How well do you know your baseball?

Atlanta Braves starting pitcher Julio Teheran (49) works in the first inning of a baseball game against the Washington Nationals, Monday, April 4, 2016, in Atlanta. (AP Photo/John Bazemore)

WASHINGTON — Pitcher Jim Bouton said: “Baseball players are smarter than football players. How often do you see a baseball team penalized for too many men on the field?” To show how smart you are, identify:

1) The team that won a record 26 consecutive games (but finished fourth).

2) Among those with 3,000 hits, the player with the fewest home runs.

3) The player who led both leagues in homers and triples (not in the same season).

4) Who hit the only Game 7 World Series walk-off home run.

5) The four players who hit World Series homers in three different decades.

6) The first manager to lead three teams to pennants.

7) The manager who, after Connie Mack and John McGraw, had the most consecutive years managing one team.

8) The first player to hit 30 home runs, score 125 runs and steal 45 bases in a season.

9) The four hitters who, since World War II, had five or more seasons batting .350 or better.

10) The five hitters in the top 25 in career singles, doubles and triples.

11) The player whose 44 hits in his first month is second to Joe DiMaggio’s 48.

12) The four Hall of Fame pitchers DiMaggio faced during his 56-game hitting streak.

13) The youngest player to lead the National League in hits.

14) The three players to get two extra-base hits in an All-Star Game before age 23.

15) The player with seven straight seasons with a .300 average, 20 homers, 100 RBIs and 100 walks.

16) The Hall of Famer who played most of his games as DH.

17) The second player, after Ty Cobb, to have at least 221 hits, 46 doubles and 54 steals in a season.

18) The team that had five consecutive Rookie of the Year winners.

19) The player who slugged .826 in a six-game World Series, with a record 10 RBIs, but whose team lost.

20) The player who had the most consecutive World Series hits (7).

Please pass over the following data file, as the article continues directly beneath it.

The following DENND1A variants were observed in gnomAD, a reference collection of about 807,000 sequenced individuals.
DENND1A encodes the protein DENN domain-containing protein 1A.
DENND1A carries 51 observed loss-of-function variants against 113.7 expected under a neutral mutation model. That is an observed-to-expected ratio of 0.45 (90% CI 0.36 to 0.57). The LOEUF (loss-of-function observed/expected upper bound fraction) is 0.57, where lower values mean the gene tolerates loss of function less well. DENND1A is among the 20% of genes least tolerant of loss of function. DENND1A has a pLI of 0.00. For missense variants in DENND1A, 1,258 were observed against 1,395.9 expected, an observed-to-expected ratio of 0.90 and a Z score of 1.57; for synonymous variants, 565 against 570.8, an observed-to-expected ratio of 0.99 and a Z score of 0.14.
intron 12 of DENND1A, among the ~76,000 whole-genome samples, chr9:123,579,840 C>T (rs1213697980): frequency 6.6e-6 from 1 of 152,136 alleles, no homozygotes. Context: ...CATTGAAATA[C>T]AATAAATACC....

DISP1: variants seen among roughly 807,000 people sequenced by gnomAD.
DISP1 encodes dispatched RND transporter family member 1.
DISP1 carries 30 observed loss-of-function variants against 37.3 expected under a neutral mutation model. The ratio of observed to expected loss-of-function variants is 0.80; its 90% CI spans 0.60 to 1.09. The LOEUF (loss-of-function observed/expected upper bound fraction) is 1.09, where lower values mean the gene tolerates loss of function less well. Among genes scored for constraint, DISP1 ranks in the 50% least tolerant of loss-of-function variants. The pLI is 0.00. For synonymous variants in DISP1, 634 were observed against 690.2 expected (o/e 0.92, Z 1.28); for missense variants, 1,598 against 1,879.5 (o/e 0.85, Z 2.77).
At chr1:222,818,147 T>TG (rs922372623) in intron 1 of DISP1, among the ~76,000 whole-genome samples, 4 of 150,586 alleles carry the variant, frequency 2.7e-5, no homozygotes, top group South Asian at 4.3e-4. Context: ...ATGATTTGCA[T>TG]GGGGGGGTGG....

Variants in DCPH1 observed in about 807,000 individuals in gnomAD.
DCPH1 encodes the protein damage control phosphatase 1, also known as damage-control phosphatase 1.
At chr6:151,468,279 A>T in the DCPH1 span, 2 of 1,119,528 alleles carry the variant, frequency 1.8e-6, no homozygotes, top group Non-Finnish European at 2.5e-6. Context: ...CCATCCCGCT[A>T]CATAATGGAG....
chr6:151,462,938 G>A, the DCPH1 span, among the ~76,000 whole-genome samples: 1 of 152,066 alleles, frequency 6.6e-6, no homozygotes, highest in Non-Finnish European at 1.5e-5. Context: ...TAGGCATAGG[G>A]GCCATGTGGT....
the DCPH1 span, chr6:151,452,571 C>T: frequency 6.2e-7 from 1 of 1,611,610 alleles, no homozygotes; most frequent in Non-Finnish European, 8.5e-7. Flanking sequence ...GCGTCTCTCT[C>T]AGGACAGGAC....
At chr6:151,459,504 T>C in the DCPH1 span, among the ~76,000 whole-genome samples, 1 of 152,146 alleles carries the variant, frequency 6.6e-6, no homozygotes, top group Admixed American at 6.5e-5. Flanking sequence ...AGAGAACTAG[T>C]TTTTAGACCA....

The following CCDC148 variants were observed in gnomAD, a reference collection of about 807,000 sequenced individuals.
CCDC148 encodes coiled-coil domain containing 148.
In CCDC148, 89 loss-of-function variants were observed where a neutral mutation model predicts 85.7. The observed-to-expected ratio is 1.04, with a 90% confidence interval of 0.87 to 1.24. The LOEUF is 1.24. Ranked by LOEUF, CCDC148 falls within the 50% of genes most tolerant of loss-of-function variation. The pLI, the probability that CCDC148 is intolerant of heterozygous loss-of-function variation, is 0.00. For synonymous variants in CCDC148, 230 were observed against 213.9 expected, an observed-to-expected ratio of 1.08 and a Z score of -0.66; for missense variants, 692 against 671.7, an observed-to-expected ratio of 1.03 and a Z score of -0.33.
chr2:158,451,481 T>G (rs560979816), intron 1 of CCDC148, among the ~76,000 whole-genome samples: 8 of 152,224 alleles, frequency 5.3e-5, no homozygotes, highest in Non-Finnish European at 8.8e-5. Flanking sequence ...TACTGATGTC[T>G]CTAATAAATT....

21) The record number of games in a season in which a team homered.

22) The player who had the most career RBIs (1,903) without ever leading the league.

23) The player who reached a base in a record 84 consecutive games.

24) The most recent former Rookie of the Year elected to the Hall of Fame.

25) The two pitchers who pitched 27 World Series innings without yielding an earned run.

26) The only player in the last 100 years who twice in a season scored four runs in a game without a hit.

27) The pitcher who won 107 games before age 23.

28) The first pitcher to have two 300-strikeout seasons.

29) The four pitchers to win at least two Cy Young awards, at least two World Series rings and pitch a no-hitter.

30) The three pitchers who started five All-Star Games.

31) The team that had the highest AL season winning percentage.

32) The team with the most wins in an AL season.

33) The NL team with the best single-season winning percentage since 1900.

34) Which team that existed in 1900 took the longest to win a World Series.

35) The youngest unanimous MVP.

36) The three pitchers to strike out at least 150 in each of first nine seasons.

37) First infielder (other than first basemen) to hit 500 home runs.

38) The manager of the AL team with a season-record 116 wins.

39) Who won a home run title with a batting average lower than that year’s Cy Young winner, Steve Carlton (.218).

40) The pitcher who retired 46 consecutive batters.

Bonus question: Who said, “All of the Mets’ road wins against the Dodgers this year occurred at Dodger Stadium.”

Answers:

1) 1916 New York Giants

2) Eddie Collins

3) Sam Crawford

4) Bill Mazeroski

5) Yogi Berra, Joe DiMaggio, Eddie Murray, Matt Williams

6) Bill McKechnie (1928 St. Louis Cardinals; 1925 Pittsburgh Pirates; 1939, 1940 Cincinnati Reds)

7) Walter Alston

8) Mike Trout (2012)

9) Wade Boggs, Rod Carew, Tony Gwynn, Ted Williams

10) Ty Cobb, Stan Musial, Tris Speaker, Paul Waner, Honus Wagner

11) Yasiel Puig

12) Bob Feller, Lefty Grove, Ted Lyons, Hal Newhouser

13) Starlin Castro (2011)

14) Ken Griffey Jr., Mike Trout, Ted Williams

15) Frank Thomas

16) Frank Thomas

17) Jose Altuve

18) 1992-1996 Los Angeles Dodgers

19) Ted Kluszewski, 1959 Chicago White Sox

20) Billy Hatcher, 1990 Cin. Reds

21) 131, New York Yankees (2012)

22) Willie Mays

23) Ted Williams, 1949

24) Mike Piazza

25) Christy Mathewson (1905), Waite Hoyt (1921)

26) Bryce Harper

27) Bob Feller

28) Rube Waddell

29) Bob Gibson, Sandy Koufax, Tim Lincecum, Jim Palmer

30) Don Drysdale, Lefty Gomez, Robin Roberts

31) 1954 Cleveland Indians, 111-43 (.721)

32) 2001 Seattle Mariners, 116-46 (.716)

33) 1906 Chicago Cubs, 116-36 (.763)

34) Philadelphia Phillies (1980)

35) Bryce Harper

36) Hideo Nomo, Tom Seaver, Don Sutton

37) Eddie Matthews

38) Lou Piniella

39) Dave Kingman

40) Yusmeiro Petit

Bonus: Ralph Kiner, of course.

George F. Will is a columnist for the Washington Post Writers Group.